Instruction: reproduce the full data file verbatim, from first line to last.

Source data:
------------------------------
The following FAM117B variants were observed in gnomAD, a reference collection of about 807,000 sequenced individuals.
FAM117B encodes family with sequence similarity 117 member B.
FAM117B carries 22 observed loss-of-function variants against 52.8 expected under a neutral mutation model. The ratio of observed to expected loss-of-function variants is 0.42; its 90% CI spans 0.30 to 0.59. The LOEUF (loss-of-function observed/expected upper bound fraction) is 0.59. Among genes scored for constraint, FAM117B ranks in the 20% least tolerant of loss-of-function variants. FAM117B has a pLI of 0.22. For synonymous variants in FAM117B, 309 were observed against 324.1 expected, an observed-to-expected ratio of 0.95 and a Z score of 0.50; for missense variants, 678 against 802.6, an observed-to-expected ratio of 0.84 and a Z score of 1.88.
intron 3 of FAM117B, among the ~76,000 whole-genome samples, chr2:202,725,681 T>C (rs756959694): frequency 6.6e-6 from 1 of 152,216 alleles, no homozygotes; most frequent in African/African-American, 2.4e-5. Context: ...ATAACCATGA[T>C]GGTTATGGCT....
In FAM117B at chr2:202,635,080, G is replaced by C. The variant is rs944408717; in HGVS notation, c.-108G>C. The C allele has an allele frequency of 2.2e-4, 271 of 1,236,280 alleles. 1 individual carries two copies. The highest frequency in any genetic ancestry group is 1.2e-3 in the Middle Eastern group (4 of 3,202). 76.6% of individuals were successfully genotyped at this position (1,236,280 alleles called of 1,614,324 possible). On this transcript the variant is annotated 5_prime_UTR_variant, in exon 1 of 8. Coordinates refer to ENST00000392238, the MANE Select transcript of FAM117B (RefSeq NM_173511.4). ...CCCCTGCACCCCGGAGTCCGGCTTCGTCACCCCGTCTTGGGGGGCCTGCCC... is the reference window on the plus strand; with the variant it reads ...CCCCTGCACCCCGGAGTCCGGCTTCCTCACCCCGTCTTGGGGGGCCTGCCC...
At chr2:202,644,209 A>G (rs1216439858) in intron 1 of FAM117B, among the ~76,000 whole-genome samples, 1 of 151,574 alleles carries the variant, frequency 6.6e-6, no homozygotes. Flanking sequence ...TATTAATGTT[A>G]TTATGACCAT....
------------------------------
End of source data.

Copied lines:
The following FAM117B variants were observed in gnomAD, a reference collection of about 807,000 sequenced individuals.
FAM117B encodes family with sequence similarity 117 member B.
FAM117B carries 22 observed loss-of-function variants against 52.8 expected under a neutral mutation model. The ratio of observed to expected loss-of-function variants is 0.42; its 90% CI spans 0.30 to 0.59. The LOEUF (loss-of-function observed/expected upper bound fraction) is 0.59. Among genes scored for constraint, FAM117B ranks in the 20% least tolerant of loss-of-function variants. FAM117B has a pLI of 0.22. For synonymous variants in FAM117B, 309 were observed against 324.1 expected, an observed-to-expected ratio of 0.95 and a Z score of 0.50; for missense variants, 678 against 802.6, an observed-to-expected ratio of 0.84 and a Z score of 1.88.
intron 3 of FAM117B, among the ~76,000 whole-genome samples, chr2:202,725,681 T>C (rs756959694): frequency 6.6e-6 from 1 of 152,216 alleles, no homozygotes; most frequent in African/African-American, 2.4e-5. Context: ...ATAACCATGA[T>C]GGTTATGGCT....
In FAM117B at chr2:202,635,080, G is replaced by C. The variant is rs944408717; in HGVS notation, c.-108G>C. The C allele has an allele frequency of 2.2e-4, 271 of 1,236,280 alleles. 1 individual carries two copies. The highest frequency in any genetic ancestry group is 1.2e-3 in the Middle Eastern group (4 of 3,202). 76.6% of individuals were successfully genotyped at this position (1,236,280 alleles called of 1,614,324 possible). On this transcript the variant is annotated 5_prime_UTR_variant, in exon 1 of 8. Coordinates refer to ENST00000392238, the MANE Select transcript of FAM117B (RefSeq NM_173511.4). ...CCCCTGCACCCCGGAGTCCGGCTTCGTCACCCCGTCTTGGGGGGCCTGCCC... is the reference window on the plus strand; with the variant it reads ...CCCCTGCACCCCGGAGTCCGGCTTCCTCACCCCGTCTTGGGGGGCCTGCCC...
At chr2:202,644,209 A>G (rs1216439858) in intron 1 of FAM117B, among the ~76,000 whole-genome samples, 1 of 151,574 alleles carries the variant, frequency 6.6e-6, no homozygotes. Flanking sequence ...TATTAATGTT[A>G]TTATGACCAT....